The modern internet was built for marketplaces. Its emergence has led to the creation of large-scale marketplaces matching vacationers with homeowners (AirBNB), riders with drivers (Uber) and romantic partners with each other (Tinder).
You’d imagine that the fundamentals of this shift would apply to the art market too, where an inefficient $70 billion market is waiting for an online company to help match artwork with empty walls. But it hasn’t happened yet. The hundreds of startups trying to solve this problem have struggled mightily, and just yesterday two well-funded art tech companies went bankrupt.
Art startups fail not because art sales don’t work on the internet (they can and will, and in some cases sorta do) but because founders and investors exercise bad judgement due to the strong emotions that art evokes. And while my company is not always perfect, I believe there’s a blueprint to fix the mistakes that will finally open this market . And when that happens, finding the perfect piece of art for your home, office or friend will be as easy as calling an Uber.
Art is Sexy
The human element of the industry plays a large role. Art is sexy, and pervasive in pop culture, leading to bad decisions from startups that think making a splash is a long-term business strategy. When you have Kanye West, Eric Schmidt and Leonardo Dicaprio headlining the art news, it’s no wonder that founders are drawn in like a moth to a flame. The intrigue leads them to spend lots of time and money on partnerships with the rich and famous, creating a flashy brand and trying to capture the cameras/Twitterati. These are all great ways to build hype, attention and followers. They are not ways to build a successful company.
Focusing on Supply
The next big mistake art startups make is diving headlong into signing up throngs of artists and suppliers in an effort to quickly build supply. Art is not your average marketplace industry. Too many founders assume, incorrectly, that art startups haven’t found success yet because the millions of talented artists around the world have never been brought online successfully. I can’t count the number of times I have heard art startup founder say “we are bringing artists online and democratizing the art market” (hell, I think I said that when we started Indiewalls).
Following the Herd
So many founders look at other unsuccessful art startups and foolishly copy their model, forgetting the idea that “insanity is repeating the same process and expecting different results”. Founders need to stop repeating the exact same mistakes. They need to do thorough competitive analysis. It’s a huge cohort… there are almost double the number of art startups as there are hotel startups according to AngelList. Point being, entrepreneurs need to be more creative to truly crack this nut.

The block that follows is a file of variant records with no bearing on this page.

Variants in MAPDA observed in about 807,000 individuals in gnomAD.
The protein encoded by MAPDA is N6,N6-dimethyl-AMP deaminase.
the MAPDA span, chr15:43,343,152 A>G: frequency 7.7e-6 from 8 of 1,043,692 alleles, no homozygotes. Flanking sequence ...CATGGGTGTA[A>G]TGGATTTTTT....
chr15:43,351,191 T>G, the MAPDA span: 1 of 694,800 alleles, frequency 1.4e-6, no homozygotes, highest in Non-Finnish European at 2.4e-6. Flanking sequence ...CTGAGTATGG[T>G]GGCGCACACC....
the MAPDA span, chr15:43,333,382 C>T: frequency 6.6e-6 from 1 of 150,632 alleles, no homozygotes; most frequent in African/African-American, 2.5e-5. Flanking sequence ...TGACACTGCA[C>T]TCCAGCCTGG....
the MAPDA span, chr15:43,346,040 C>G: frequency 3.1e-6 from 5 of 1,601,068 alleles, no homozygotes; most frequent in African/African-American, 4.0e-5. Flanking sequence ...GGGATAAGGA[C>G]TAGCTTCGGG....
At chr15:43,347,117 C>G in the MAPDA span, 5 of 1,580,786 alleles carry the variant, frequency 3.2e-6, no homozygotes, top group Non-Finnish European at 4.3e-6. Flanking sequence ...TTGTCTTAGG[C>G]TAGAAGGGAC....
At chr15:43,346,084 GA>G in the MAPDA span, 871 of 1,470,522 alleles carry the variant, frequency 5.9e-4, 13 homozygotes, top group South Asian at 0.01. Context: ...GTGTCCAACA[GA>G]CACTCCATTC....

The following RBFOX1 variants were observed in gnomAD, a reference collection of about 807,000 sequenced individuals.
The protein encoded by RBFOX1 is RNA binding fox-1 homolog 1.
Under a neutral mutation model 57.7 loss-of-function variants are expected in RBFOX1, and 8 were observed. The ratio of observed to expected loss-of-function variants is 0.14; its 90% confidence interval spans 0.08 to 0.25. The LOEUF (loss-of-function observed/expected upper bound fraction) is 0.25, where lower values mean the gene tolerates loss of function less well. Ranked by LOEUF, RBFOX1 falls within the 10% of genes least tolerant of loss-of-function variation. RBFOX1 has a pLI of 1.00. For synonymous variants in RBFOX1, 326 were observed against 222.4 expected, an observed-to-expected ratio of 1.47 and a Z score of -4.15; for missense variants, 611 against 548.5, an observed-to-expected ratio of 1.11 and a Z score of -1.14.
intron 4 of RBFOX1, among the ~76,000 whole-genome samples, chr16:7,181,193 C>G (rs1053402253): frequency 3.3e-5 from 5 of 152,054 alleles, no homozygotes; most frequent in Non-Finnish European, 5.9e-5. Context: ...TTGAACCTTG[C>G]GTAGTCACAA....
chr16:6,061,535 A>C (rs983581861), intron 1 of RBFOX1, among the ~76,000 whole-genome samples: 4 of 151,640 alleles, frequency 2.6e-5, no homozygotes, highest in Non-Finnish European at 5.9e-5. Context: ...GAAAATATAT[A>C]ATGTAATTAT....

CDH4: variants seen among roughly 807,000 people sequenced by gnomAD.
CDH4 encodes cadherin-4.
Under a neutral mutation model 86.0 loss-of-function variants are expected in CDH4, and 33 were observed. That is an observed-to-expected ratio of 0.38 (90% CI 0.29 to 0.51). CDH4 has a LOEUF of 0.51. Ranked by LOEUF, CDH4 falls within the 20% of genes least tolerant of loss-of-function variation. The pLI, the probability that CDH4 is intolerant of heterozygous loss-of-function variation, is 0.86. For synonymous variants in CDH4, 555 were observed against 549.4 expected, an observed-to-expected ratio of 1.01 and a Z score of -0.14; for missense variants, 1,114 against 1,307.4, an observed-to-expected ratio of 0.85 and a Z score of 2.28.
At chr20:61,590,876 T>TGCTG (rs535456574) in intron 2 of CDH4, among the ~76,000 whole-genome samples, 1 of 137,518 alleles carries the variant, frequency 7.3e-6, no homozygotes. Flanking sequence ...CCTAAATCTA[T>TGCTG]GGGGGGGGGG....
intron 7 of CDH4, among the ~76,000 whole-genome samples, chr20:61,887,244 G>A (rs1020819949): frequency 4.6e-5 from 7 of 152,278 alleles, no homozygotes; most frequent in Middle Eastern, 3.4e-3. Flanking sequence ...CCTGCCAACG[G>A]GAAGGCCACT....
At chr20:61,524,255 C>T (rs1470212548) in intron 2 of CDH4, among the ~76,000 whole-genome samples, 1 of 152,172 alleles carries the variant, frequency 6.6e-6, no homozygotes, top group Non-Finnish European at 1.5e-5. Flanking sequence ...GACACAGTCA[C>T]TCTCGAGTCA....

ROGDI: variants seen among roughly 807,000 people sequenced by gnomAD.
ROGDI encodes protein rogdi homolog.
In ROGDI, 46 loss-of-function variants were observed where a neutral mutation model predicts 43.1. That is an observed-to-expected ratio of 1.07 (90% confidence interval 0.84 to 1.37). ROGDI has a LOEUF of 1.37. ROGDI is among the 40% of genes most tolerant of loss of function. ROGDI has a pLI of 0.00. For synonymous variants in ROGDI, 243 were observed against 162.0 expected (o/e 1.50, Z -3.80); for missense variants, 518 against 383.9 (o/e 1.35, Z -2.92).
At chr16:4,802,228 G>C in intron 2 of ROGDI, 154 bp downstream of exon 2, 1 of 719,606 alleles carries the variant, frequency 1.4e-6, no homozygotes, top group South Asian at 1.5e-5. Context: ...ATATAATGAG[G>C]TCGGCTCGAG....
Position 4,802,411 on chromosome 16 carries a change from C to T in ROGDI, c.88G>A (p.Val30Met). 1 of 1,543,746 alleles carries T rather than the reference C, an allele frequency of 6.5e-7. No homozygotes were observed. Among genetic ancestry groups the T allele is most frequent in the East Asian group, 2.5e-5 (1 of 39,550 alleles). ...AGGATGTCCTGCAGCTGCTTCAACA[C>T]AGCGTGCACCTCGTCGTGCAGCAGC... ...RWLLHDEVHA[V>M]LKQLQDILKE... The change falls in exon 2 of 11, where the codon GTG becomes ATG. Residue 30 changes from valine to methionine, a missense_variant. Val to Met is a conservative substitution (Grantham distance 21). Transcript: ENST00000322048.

Thinking Inside the Box
Lastly, art startups are often founded by “art insiders”. While industry experience can be an asset in other fields, in the case of art it can also be an achilles heel. The fine art world is so traditional and insular that market experience often leads to in-the-box thinking. In my opinion, this market will be captured by people who can look at a 2D problem and present a 3D solution.
My recommended solution? Find your target customer. Learn their problems inside and out. Then build products and experiences that fix them. Do not throw lots of money at the customer or over-saturate your artist community until you’ve charted a long-term course. None of this is super original in the tech world. But so many art companies have ignored this advice in our industry that it bears repeating.
More and more the public needs art and creativity to expand their minds and enhance their lives. Though it hasn’t happened yet, the internet will inevitably make access to this art much easier. A successful art marketplace will be difficult to build , but luckily the worst mistakes have already been made, clearing the way for the industry to learn and bring the works of millions of artists into our lives.